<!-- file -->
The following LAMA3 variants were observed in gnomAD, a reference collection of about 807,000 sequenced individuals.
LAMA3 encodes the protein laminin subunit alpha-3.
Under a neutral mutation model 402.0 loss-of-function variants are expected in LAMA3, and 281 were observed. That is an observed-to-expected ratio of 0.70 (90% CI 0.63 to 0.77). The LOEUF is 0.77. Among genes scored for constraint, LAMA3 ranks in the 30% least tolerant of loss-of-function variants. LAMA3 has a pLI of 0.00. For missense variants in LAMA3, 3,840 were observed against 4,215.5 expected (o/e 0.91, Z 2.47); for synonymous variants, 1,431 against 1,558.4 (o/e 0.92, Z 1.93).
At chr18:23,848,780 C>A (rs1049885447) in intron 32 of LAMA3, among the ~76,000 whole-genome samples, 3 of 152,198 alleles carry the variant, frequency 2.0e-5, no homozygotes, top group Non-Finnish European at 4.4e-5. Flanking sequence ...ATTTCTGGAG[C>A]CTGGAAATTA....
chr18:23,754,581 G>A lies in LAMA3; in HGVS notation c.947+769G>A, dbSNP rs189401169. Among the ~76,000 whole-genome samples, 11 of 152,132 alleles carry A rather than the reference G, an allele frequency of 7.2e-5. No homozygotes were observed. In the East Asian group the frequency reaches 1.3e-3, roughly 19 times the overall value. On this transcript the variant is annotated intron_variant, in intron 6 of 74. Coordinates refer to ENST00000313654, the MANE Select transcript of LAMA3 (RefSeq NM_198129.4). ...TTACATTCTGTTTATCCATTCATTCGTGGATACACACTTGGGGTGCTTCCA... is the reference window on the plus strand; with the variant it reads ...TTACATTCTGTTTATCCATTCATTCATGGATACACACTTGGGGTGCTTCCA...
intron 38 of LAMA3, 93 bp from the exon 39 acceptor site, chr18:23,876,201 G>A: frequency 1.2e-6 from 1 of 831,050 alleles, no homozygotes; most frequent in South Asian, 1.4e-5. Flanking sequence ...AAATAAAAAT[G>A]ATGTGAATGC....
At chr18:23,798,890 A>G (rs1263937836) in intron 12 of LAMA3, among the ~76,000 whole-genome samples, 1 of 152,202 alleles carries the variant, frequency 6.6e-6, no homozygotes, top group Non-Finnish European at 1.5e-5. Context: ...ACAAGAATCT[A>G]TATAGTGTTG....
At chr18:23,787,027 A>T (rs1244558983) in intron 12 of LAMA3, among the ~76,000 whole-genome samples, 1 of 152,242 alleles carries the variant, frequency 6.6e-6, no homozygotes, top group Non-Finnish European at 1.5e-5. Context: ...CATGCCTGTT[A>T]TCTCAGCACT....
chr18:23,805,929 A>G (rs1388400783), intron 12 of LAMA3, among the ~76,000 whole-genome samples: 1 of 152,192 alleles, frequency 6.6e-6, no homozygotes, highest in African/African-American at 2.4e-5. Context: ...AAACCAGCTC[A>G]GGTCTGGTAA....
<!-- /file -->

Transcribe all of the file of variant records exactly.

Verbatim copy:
The following LAMA3 variants were observed in gnomAD, a reference collection of about 807,000 sequenced individuals.
LAMA3 encodes the protein laminin subunit alpha-3.
Under a neutral mutation model 402.0 loss-of-function variants are expected in LAMA3, and 281 were observed. That is an observed-to-expected ratio of 0.70 (90% CI 0.63 to 0.77). The LOEUF is 0.77. Among genes scored for constraint, LAMA3 ranks in the 30% least tolerant of loss-of-function variants. LAMA3 has a pLI of 0.00. For missense variants in LAMA3, 3,840 were observed against 4,215.5 expected (o/e 0.91, Z 2.47); for synonymous variants, 1,431 against 1,558.4 (o/e 0.92, Z 1.93).
At chr18:23,848,780 C>A (rs1049885447) in intron 32 of LAMA3, among the ~76,000 whole-genome samples, 3 of 152,198 alleles carry the variant, frequency 2.0e-5, no homozygotes, top group Non-Finnish European at 4.4e-5. Flanking sequence ...ATTTCTGGAG[C>A]CTGGAAATTA....
chr18:23,754,581 G>A lies in LAMA3; in HGVS notation c.947+769G>A, dbSNP rs189401169. Among the ~76,000 whole-genome samples, 11 of 152,132 alleles carry A rather than the reference G, an allele frequency of 7.2e-5. No homozygotes were observed. In the East Asian group the frequency reaches 1.3e-3, roughly 19 times the overall value. On this transcript the variant is annotated intron_variant, in intron 6 of 74. Coordinates refer to ENST00000313654, the MANE Select transcript of LAMA3 (RefSeq NM_198129.4). ...TTACATTCTGTTTATCCATTCATTCGTGGATACACACTTGGGGTGCTTCCA... is the reference window on the plus strand; with the variant it reads ...TTACATTCTGTTTATCCATTCATTCATGGATACACACTTGGGGTGCTTCCA...
intron 38 of LAMA3, 93 bp from the exon 39 acceptor site, chr18:23,876,201 G>A: frequency 1.2e-6 from 1 of 831,050 alleles, no homozygotes; most frequent in South Asian, 1.4e-5. Flanking sequence ...AAATAAAAAT[G>A]ATGTGAATGC....
At chr18:23,798,890 A>G (rs1263937836) in intron 12 of LAMA3, among the ~76,000 whole-genome samples, 1 of 152,202 alleles carries the variant, frequency 6.6e-6, no homozygotes, top group Non-Finnish European at 1.5e-5. Context: ...ACAAGAATCT[A>G]TATAGTGTTG....
At chr18:23,787,027 A>T (rs1244558983) in intron 12 of LAMA3, among the ~76,000 whole-genome samples, 1 of 152,242 alleles carries the variant, frequency 6.6e-6, no homozygotes, top group Non-Finnish European at 1.5e-5. Context: ...CATGCCTGTT[A>T]TCTCAGCACT....
chr18:23,805,929 A>G (rs1388400783), intron 12 of LAMA3, among the ~76,000 whole-genome samples: 1 of 152,192 alleles, frequency 6.6e-6, no homozygotes, highest in African/African-American at 2.4e-5. Context: ...AAACCAGCTC[A>G]GGTCTGGTAA....